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Coles v. Harris Teeter, LLC

United States District Court, District of Columbia

November 14, 2016

TREVIS COLES, Plaintiff,
v.
HARRIS TEETER, LLC, Defendant.

          MEMORANDUM OPINION

          JAMES E. BOASBERG UNITED STATES DISTRICT JUDGE

         Plaintiff Trevis Coles brings this action against his former employer, Harris Teeter, alleging the grocery store fired him because of his disability. Having successfully removed the case, Defendant now moves to dismiss on the ground that the Complaint fails to state a plausible wrongful-termination or discrimination claim against it. As the Court agrees with the former contention but not the latter, it will grant the Motion in part.

         I. Background

         The Court, as it must at this stage, draws the facts from the Complaint and assumes them to be true. Sparrow v. United Air Lines, Inc., 216 F.3d 1111, 1113 (D.C. Cir. 2000). Plaintiff lives in the District of Columbia and suffers from glaucoma. See ECF No. 1, Exh. A (Complaint), ¶¶ 2, 6. In December 2015, his doctor prescribed him marijuana to help alleviate the symptoms of his disease. Id., ¶ 7. According to the District's Legalization of Marijuana for Medical Treatment Amendment Act of 2010, D.C. Code § 7-1671.01, et seq., Coles properly registered that prescription with the D.C. Department of Health and received a medical-marijuana card for this purpose. Id., ¶¶ 7-8.

         Several months later, around March 6, 2016, Defendant hired Coles to work on an at-will basis as a cashier in one of its grocery stores. Id., ¶ 9. He performed well in that role by reporting early for his shifts, taking on additional responsibilities, and avoiding any disciplinary trouble. Id., ¶ 11. A month or two in, however, Coles's number got called for a random drug screen at work, and he tested positive for marijuana on May 4. Id., ¶¶ 12-13.

         Coles explained to his Store Manager, Dan Kuzor, that he used physician-prescribed medical marijuana to treat his glaucoma. Id., ¶ 14. Kuzor assured him that the positive screen would not be a problem so long as Coles provided a valid prescription to this effect. Id., ¶¶ 14-15. Three days later, on May 7, Plaintiff did so. Id., ¶ 15. Harris Teeter nevertheless fired him on May 10 for violating its substance-abuse policy. Id., ¶ 16.

         On September 15, Coles filed this suit in the Superior Court of the District of Columbia, asserting that Defendant had unlawfully terminated him. See id. at 1. Having removed the case to this Court on the basis of diversity jurisdication, Harris Teeter now seeks to dismiss it.

         II. Legal Standard

         The Federal Rules of Civil Procedure require a plaintiff to include “a short and plain statement of the claim showing that the pleader is entitled to relief.” Fed.R.Civ.P. 8(a)(2). Rule 12(b)(6), in turn, provides for the dismissal of an action where such a complaint fails “to state a claim upon which relief can be granted.”

         In evaluating a Rule 12(b)(6) motion, the Court must “treat the complaint's factual allegations as true . . . and must grant plaintiff ‘the benefit of all inferences that can be derived from the facts alleged.'” Sparrow, 216 F.3d at 1113 (quoting Schuler v. United States, 617 F.2d 605, 608 (D.C. Cir. 1979)) (citation omitted). The pleading rules are “not meant to impose a great burden, ” Dura Pharm., Inc. v. Broudo, 544 U.S. 336, 347 (2005), and “detailed factual allegations” are thus not necessary. Bell Atl. Corp. v. Twombly, 550 U.S. 544, 555 (2007). A complaint, however, “must contain sufficient factual matter, accepted as true, to ‘state a claim to relief that is plausible on its face.'” Ashcroft v. Iqbal, 556 U.S. 662, 678 (2009) (quoting Twombly, 550 U.S. at 570). The Court need not accept as true “a legal conclusion couched as a factual allegation, ” nor an inference unsupported by the facts set forth in the complaint. Trudeau v. FTC, 456 F.3d 178, 193 (D.C. Cir. 2006) (quoting Papasan v. Allain, 478 U.S. 265, 286 (1986) (internal quotation marks omitted)). The facts instead “must be enough to raise a right to relief above the speculative level” even if “recovery is very remote and unlikely.” Twombly, 550 U.S. at 555-56 (citing Scheuer v. Rhodes, 416 U.S. 232, 236 (1974)).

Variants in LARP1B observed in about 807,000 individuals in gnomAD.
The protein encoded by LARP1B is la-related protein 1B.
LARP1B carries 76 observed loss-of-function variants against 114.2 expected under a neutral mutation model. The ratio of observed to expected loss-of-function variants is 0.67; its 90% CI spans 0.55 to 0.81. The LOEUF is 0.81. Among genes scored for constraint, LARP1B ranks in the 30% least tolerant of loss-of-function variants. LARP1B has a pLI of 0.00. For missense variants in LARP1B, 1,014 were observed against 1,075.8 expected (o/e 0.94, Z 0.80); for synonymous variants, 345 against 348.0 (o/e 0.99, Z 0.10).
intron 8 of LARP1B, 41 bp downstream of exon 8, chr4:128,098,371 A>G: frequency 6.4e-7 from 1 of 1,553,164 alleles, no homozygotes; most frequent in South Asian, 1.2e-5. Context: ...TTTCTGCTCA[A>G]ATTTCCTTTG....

III. Analysis

         Plaintiff presses two independent state-law counts in alleging that Defendant unlawfully terminated him. The first asserts a wrongful-termination claim arising under the District's common law, and the second alleges that Defendant fired him because of his glaucoma in violation of the District of Columbia Human Rights Act. The Court takes up the sufficiency of each allegation in turn.

         A. Wrongful Termination

         In considering Plaintiff's wrongful-termination claim, the Court starts with the well-established principle that “in the District of Columbia . . . an employer may discharge an at-will employee at any time and for any reason, or for no reason at all.” Adams v. George W. Cochran & Co., 597 A.2d 28, 30 (D.C. 1991). District of Columbia courts, however, recognize a very narrow public-policy exception for cases in which “the employee's termination offends some ‘mandate of public policy' that is ‘firmly anchored in either the Constitution or in a statute or regulation which clearly reflects the particular public policy being relied upon.'” Bilal-Edwardsv. United Planning Org., 896 F.Supp.2d 88, 94 (D.D.C. 2012) (quoting Carson v. Sim, 778 F.Supp.2d 85, 97 (D.D.C. 2011)). In other words, a plaintiff pleading a wrongful-termination claim based on the public-policy exemption must identify a policy source that ...


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